The Listening Intervention Team for Equity (LITE) is a college-recognized resource for PCC students, faculty, and staff who have experienced inequity or who are in need of guidance to successfully navigate challenging dynamics at the college across cultures, races, ethnicities, gender identity or expression, sexual orientations, ability, faiths and other aspects of individual and group identity.
Trained listeners serve as key points of contact internally at the college, to offer compassion, share skill-building techniques and connect those in need with other existing support resources. LITE listeners help participants process their experiences, engage in problem-solving and employ conflict resolution best practices.
The effort complements but does not replace the roles and functions of PCC’s Office of Equity and Inclusion and Human Resources department, both of which have been instrumental in the development and guidance of LITE.
- IS college recognized.
- IS compassionate intervention examining how someone was affected (support-based).
- IS for those who have experienced inequity or need support processing a challenging intercultural interaction to receive immediate support.
- IS based on an understanding that inequity is all around us.
- IS NOT fact-finding or formal.
- IS NOT a formal process.
- IS NOT designed to determine if inequity occurred (fact-finding).
- IS NOT a replacement to any of the college’s formal procedures for addressing bias or inequity.
- IS NOT based on an assumption that inequity can be eliminated.
The LITE listening session is based on the principles of support, skill building, affirmation, and referrals. It is tailored to meet the needs of the participant, but the following scenario gives an overview of how a session might look.
Francie works as an academic advisor at PCC. She is meeting with Joe, a second-term transfer student. Joe shares that he’s considering withdrawing from PCC. Francie inquires as to his reasons for withdrawing and he shares that he experienced discrimination in one of his math classes that has led him to feel like he does not belong at PCC. Francie explains the role of the Office of Equity and Inclusion and offers Joe the opportunity to file a complaint, but Joe says he doesn’t feel comfortable filing a complaint at this time as he’s still processing the incident. Francie offers to connect him with her campus LITE coordinator for a listening session and further support. She clarifies that the session is not a formal complaint process, nor an investigation, but rather an opportunity to share his experiences with a college employee and receive support. Joe accepts the invitation and Francie sends an email to the LITE Coordinator cc’ing Joe to connect the two.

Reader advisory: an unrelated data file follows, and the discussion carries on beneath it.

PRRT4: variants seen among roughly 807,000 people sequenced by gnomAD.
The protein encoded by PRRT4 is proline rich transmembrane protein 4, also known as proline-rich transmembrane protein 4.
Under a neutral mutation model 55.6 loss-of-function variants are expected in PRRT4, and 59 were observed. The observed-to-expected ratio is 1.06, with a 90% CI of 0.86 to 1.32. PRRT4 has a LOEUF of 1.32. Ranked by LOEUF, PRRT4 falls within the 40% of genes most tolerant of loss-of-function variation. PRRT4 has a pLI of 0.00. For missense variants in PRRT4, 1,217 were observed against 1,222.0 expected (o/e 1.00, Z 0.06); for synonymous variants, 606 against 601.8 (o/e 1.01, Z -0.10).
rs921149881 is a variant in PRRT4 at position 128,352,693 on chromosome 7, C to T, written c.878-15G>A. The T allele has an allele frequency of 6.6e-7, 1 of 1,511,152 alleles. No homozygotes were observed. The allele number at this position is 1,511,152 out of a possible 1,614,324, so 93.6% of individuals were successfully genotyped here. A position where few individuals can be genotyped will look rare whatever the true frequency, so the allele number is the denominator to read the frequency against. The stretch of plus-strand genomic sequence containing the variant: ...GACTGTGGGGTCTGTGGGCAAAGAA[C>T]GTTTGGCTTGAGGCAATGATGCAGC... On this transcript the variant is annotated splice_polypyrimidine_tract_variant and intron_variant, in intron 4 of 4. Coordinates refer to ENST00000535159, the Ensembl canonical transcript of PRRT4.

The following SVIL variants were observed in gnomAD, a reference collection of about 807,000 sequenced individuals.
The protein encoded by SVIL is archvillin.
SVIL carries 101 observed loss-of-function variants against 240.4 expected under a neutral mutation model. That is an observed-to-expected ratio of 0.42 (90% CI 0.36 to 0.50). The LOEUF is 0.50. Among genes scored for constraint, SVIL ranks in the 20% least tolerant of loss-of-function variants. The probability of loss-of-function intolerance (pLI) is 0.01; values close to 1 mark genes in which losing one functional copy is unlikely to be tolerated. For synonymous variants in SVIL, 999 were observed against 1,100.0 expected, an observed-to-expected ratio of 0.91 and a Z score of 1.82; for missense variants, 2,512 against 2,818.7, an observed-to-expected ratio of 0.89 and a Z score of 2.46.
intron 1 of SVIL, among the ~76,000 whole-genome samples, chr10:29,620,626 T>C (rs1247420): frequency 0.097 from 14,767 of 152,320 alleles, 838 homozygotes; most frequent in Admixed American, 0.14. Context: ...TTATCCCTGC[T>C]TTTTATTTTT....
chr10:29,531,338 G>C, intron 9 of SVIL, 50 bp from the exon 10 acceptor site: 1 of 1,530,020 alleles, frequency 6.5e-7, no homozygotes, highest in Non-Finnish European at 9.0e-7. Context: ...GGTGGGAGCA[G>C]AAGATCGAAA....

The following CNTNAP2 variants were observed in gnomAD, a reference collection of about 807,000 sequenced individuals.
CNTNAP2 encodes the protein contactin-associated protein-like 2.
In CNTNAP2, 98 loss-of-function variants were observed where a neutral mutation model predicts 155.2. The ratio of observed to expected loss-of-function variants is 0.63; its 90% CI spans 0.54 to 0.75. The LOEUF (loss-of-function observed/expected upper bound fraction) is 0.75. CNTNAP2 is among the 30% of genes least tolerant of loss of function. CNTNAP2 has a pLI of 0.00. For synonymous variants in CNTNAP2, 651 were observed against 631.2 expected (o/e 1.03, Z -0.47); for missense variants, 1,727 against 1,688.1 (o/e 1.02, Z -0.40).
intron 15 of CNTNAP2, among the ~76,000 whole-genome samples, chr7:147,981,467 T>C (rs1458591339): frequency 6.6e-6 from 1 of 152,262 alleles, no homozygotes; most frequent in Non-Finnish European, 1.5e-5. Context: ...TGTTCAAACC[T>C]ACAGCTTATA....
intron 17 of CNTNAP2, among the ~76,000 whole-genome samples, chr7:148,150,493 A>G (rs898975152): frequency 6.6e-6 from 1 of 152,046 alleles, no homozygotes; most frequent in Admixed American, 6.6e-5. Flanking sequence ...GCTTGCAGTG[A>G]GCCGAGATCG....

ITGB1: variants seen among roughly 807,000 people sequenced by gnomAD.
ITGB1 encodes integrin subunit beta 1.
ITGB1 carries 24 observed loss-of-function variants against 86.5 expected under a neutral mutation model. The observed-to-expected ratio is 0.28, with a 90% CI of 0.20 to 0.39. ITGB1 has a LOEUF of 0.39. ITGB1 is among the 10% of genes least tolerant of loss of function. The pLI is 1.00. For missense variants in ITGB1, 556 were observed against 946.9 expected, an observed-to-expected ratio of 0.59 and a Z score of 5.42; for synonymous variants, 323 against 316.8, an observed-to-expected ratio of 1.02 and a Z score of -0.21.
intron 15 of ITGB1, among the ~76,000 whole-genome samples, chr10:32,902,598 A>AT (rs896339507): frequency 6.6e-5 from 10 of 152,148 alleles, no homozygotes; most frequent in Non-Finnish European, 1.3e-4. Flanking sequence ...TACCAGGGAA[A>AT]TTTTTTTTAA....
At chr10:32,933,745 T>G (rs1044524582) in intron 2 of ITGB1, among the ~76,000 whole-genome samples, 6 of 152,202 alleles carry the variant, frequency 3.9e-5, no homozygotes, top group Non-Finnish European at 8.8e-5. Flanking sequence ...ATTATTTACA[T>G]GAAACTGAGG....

The LITE Coordinator responds promptly, asking Joe to provide some basic contact information, availability, and any desires he might have regarding demographics of the assigned listener. The Coordinator connects Joe with a LITE listener who matches the criteria Joe requests in their email exchange (i.e., Latino male) and sets up a meeting time and place for Joe and LITE listener Ricardo to meet.
Ricardo also reaches out to Joe to say hello and provide some information about LITE. The two meet in a small conference room on the campus closest to Joe’s home. Ricardo opens the conversation by explaining to Joe what LITE is and what LITE is not. He also provides information on the privacy of LITE (and its limitations). Using his LITE training, Ricardo starts a conversation with Joe about his experience of discrimination at PCC.